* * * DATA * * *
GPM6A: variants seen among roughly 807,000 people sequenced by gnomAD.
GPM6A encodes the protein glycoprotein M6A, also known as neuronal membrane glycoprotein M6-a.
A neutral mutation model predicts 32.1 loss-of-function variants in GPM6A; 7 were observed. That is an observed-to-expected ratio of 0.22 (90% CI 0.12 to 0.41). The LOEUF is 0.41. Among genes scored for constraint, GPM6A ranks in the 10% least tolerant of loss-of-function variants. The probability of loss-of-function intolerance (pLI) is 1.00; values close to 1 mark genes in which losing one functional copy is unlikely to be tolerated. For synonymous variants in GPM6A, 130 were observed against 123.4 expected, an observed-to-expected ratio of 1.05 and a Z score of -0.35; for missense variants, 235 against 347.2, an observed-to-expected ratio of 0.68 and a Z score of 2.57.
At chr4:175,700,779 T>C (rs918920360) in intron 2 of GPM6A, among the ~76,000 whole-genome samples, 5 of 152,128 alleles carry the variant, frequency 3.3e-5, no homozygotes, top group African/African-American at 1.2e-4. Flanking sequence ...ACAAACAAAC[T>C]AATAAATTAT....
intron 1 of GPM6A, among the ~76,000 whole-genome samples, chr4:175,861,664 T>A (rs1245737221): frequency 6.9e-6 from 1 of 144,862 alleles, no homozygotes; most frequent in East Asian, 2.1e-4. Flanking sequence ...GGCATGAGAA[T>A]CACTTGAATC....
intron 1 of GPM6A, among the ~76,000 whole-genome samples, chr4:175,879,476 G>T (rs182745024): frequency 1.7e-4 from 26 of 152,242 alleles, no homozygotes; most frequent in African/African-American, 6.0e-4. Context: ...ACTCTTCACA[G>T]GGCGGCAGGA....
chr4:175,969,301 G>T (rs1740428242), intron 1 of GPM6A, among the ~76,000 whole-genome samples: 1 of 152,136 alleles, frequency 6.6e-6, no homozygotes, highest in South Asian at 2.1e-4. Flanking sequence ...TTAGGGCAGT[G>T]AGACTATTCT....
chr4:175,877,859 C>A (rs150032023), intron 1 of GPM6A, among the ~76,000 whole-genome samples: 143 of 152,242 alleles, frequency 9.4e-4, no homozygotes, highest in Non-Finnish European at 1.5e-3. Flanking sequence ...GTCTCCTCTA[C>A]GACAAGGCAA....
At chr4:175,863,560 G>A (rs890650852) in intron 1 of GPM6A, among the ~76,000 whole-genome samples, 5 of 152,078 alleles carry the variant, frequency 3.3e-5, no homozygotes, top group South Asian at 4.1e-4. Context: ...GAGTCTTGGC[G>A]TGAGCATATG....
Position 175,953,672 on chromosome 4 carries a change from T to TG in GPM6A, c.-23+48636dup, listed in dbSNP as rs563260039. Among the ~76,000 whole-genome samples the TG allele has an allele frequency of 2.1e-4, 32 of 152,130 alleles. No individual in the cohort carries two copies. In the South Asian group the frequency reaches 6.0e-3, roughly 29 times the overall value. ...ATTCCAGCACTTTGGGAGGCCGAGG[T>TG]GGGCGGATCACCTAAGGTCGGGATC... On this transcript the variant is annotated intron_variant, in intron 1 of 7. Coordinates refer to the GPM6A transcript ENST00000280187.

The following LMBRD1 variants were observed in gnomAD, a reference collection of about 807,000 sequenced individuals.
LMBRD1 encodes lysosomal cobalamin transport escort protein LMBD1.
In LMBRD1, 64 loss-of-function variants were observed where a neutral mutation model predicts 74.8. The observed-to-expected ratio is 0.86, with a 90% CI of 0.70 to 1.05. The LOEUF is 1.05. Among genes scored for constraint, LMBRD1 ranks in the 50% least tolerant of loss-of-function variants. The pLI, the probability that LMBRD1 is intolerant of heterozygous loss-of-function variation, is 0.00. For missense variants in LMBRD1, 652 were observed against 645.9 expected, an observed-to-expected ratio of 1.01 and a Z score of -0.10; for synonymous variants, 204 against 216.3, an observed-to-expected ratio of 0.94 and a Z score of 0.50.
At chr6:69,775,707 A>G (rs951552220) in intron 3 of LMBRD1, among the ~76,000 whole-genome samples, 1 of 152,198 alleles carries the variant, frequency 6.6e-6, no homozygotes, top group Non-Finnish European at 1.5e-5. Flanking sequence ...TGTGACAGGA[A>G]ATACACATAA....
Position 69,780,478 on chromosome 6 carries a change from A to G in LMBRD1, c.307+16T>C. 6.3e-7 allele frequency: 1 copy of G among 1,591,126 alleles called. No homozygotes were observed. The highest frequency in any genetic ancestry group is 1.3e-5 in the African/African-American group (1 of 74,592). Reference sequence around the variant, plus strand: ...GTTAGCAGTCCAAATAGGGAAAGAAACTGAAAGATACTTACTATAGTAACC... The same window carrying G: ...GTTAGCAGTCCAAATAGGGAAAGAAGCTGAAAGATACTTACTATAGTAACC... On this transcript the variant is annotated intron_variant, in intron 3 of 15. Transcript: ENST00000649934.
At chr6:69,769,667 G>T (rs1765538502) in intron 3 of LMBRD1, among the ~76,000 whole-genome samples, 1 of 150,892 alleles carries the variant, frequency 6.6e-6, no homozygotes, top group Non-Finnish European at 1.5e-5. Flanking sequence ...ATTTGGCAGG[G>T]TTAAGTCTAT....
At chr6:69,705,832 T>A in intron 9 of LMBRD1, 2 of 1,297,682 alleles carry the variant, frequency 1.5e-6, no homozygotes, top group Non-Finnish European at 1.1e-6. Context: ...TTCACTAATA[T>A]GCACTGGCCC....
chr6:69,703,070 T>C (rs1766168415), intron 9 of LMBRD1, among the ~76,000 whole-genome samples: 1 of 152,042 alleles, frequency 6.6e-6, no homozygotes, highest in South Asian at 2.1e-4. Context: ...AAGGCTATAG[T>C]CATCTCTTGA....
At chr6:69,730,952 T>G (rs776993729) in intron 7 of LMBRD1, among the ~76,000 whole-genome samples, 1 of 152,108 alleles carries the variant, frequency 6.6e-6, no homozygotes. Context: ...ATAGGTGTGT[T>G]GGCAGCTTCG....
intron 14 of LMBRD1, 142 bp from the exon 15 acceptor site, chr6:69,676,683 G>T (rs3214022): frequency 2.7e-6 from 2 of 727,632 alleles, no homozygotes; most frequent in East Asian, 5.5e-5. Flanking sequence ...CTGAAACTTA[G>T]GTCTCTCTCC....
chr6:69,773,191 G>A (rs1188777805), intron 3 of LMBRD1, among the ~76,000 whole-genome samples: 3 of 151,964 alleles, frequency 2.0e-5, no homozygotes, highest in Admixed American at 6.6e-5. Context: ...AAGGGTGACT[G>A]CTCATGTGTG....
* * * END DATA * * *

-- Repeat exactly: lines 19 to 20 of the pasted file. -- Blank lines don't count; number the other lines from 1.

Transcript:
At chr6:69,730,952 T>G (rs776993729) in intron 7 of LMBRD1, among the ~76,000 whole-genome samples, 1 of 152,108 alleles carries the variant, frequency 6.6e-6, no homozygotes. Context: ...ATAGGTGTGT[T>G]GGCAGCTTCG....
intron 14 of LMBRD1, 142 bp from the exon 15 acceptor site, chr6:69,676,683 G>T (rs3214022): frequency 2.7e-6 from 2 of 727,632 alleles, no homozygotes; most frequent in East Asian, 5.5e-5. Flanking sequence ...CTGAAACTTA[G>T]GTCTCTCTCC....